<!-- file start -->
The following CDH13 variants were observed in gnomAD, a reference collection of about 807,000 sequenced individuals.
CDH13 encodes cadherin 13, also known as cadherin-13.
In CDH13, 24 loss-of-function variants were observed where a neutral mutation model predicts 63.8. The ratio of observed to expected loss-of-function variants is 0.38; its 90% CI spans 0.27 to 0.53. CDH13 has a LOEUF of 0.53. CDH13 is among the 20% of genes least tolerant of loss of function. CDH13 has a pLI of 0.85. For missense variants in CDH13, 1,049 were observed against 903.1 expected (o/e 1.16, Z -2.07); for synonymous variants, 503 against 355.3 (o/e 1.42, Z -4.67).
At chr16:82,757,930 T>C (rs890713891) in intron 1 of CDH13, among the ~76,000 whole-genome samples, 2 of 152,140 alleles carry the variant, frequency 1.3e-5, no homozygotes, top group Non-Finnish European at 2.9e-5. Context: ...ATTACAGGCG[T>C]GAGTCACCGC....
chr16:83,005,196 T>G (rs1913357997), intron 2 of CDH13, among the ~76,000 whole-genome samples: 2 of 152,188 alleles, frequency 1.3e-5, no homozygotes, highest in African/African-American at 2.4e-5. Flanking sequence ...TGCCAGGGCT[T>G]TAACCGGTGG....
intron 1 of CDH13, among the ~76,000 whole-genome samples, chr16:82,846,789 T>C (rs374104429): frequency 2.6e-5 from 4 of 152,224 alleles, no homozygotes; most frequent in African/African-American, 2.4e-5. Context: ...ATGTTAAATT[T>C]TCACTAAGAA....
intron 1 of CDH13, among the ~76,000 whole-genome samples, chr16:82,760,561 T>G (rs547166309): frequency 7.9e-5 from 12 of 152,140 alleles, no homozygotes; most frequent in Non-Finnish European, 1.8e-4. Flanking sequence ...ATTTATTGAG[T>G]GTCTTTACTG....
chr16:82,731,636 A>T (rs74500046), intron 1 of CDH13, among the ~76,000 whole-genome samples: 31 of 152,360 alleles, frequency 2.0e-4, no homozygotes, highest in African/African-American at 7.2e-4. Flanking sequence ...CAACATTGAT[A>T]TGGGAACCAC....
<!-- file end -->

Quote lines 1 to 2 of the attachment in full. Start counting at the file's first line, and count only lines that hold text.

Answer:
The following CDH13 variants were observed in gnomAD, a reference collection of about 807,000 sequenced individuals.
CDH13 encodes cadherin 13, also known as cadherin-13.